Singapore leader’s legacy
We all readily accept that democratic politics is a must to guarantee the legitimacy of state power. But whether or not democratization will guarantee the effectiveness of national governance is another question. Moving beyond the devastation of two World Wars and the Cold War, democratization and a market economy appeared to have been the mainstream of history in the global community at the dawn of the 21st century.
But the world is regressing with war clouds and tensions from frequent terrorist attacks. In such an environment, skepticism about democracy spreads rapidly. The world is falling into the trap of uncertainty, questioning if democracy will guarantee the stability of a country or an international regime.
An international academic conference hosted by 130-year-old Yonsei University and its Kim Dae-jung Library featured a discussion on the future of democracy and governance. John Dunn, professor of political theory at King’s College, Cambridge, expressed concerns over whether a democracy can guarantee effective national governance for existing goals of democratic politics, such as environmental preservation, economic development and social equality, as well as population issues such as an aging society. He cited Italy and Greece as examples of inefficiency, adding that when a system shows a high degree of effectiveness, as in China, it must introduce and institutionalize the separation of power.
Unlike the traditional Western theory of democracy, in which Dunn linked the global community and effective governance of individual states, Prof. Pan Wei of Peking University stressed that China’s transformation, often represented by its rapid economic growth, is an outcome of the country’s unique social traditions and organization. Social organization and ethics based on families and local communities, democracy and pragmatism of recruiting talented people were embraced in China’s political tradition, he said, thus there is no need for a competitive structure between the ruling and opposition parties because a failed ruler is replaced by a rebellion en masse. Although China’s system is not perfect, Pan argued that confrontation between democracy and authoritarianism and between state and the market do not necessarily exist from the beginning.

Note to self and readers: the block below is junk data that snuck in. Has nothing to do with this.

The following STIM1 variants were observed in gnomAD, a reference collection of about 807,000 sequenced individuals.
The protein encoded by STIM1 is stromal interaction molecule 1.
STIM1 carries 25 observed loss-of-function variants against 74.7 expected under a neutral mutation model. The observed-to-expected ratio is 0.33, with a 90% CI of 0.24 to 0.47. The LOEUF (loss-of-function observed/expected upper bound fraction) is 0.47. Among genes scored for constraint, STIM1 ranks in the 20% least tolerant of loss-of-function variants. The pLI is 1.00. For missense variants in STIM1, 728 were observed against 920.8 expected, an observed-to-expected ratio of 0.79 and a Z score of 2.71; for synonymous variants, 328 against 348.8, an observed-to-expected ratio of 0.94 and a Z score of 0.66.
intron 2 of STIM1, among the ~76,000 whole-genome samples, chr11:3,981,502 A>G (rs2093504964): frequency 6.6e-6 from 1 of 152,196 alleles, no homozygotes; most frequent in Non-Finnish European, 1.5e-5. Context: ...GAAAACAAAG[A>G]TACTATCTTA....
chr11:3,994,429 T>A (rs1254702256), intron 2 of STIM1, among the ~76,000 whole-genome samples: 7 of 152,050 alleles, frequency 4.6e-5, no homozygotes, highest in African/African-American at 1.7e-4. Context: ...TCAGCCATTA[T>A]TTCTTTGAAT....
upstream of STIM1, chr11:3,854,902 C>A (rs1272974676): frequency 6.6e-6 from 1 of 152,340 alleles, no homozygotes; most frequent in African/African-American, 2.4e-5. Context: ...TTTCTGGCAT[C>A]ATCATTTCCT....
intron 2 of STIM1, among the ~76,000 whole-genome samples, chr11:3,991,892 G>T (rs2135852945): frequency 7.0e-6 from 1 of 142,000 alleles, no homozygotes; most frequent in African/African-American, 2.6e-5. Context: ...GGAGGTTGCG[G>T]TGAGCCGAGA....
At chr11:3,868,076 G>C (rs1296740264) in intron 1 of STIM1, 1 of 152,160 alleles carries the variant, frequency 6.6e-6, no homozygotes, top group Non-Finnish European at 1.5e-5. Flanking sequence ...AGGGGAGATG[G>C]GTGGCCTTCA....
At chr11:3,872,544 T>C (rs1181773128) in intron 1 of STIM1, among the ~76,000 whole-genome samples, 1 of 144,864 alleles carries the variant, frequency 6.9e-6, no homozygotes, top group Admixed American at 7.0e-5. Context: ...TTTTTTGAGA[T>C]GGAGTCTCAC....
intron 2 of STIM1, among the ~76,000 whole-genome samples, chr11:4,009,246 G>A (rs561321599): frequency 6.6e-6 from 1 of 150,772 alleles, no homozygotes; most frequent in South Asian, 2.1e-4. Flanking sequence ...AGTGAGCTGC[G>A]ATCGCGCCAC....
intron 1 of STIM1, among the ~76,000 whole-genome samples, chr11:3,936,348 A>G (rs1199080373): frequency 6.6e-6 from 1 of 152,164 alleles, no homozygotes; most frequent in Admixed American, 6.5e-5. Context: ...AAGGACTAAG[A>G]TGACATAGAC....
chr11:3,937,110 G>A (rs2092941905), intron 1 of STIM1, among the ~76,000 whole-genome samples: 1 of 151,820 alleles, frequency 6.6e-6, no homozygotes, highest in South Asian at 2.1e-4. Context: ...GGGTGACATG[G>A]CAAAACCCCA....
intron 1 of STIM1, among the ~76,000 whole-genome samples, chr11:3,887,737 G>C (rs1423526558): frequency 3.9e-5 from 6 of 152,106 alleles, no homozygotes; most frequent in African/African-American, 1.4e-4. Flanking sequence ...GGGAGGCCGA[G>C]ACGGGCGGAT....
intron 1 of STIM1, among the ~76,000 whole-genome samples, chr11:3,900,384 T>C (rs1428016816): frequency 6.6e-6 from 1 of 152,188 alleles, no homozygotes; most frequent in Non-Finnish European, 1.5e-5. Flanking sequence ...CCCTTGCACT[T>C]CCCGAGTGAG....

Ten days after the conference, Lee Kuan Yew, founding prime minister of Singapore, died March 23. He was a great statesman, who proved clearly that rapid economic growth and an advanced country can be built without progress toward democratization. While maintaining the rules of society through tough enforcement by the state, he implemented a bold market economy and openness policy to transform Singapore into an advanced country in a short period of time. He was a legend in governance.
The late Lee’s so-called Confucian capitalism and Deng Xiaoping’s bold move to introduce a market economy are related, but a city state’s experiment cannot be applied to a continent as it is. About a decade ago, during his visit to Seoul, he talked about his opinions based on Sinocentrism and stressed that Korea, based on the lessons from its long history, must adjust its relations with China.
The success of Lee’s model of authoritarian governance was possible because he managed to completely eradicate corruption. In addition, he recruited the best talent and publicly provided the treatment they deserved, a phenomenon hard to find in other countries.
Kishore Mahbubani, Singapore’s former ambassador to the United Nations and one of the elites, wrote recently in the New York Times, “I think the young population of Singapore appreciates the strength of Singapore, appreciates the stability the Singapore government brings, but they also want more of a voice. So you’ve got to create opportunities for them to speak out - on social issues, on political issues, on economic issues. It’s coming. Change is coming.”
This shows that the late Lee’s choice was wise.
Three days before Lee’s passing, Malcolm Fraser, former prime minister of Australia, also died. The head of the Liberal Party became prime minister in 1975 through a special election. Although he insisted on conservative fiscal policy based on the economic theory of Milton Friedman, he is known as an internationalist who promoted human rights and international law.
He visited Nelson Mandela in prison and actively supported the movement to root out racial discrimination in South Africa. He allowed massive immigration from Asia, including refugees from Vietnam, transforming Australia into a multiracial, multicultural country. Fraser’s groundbreaking policies will be remembered as examples that showed him as an internationalist and an idealist.
For Korea, democratic politics and effective governance are goals that must be pursued simultaneously, without choosing one or the other. We have made numerous national determinations that we will protect democracy no matter what sacrifice we have to make. But democratization cannot be an excuse for lax governance, because it is a shortcut to destroy not only the country, but also democracy. Efforts to create a mutually complimentary circulation between democratic politics and national governance are desperately needed.
Translation by the Korea JoongAng Daily staff
JoongAng Ilbo, Mar. 30, Page 31
*The author is a former prime minister and an adviser to the JoongAng Ilbo.
by Lee Hong-koo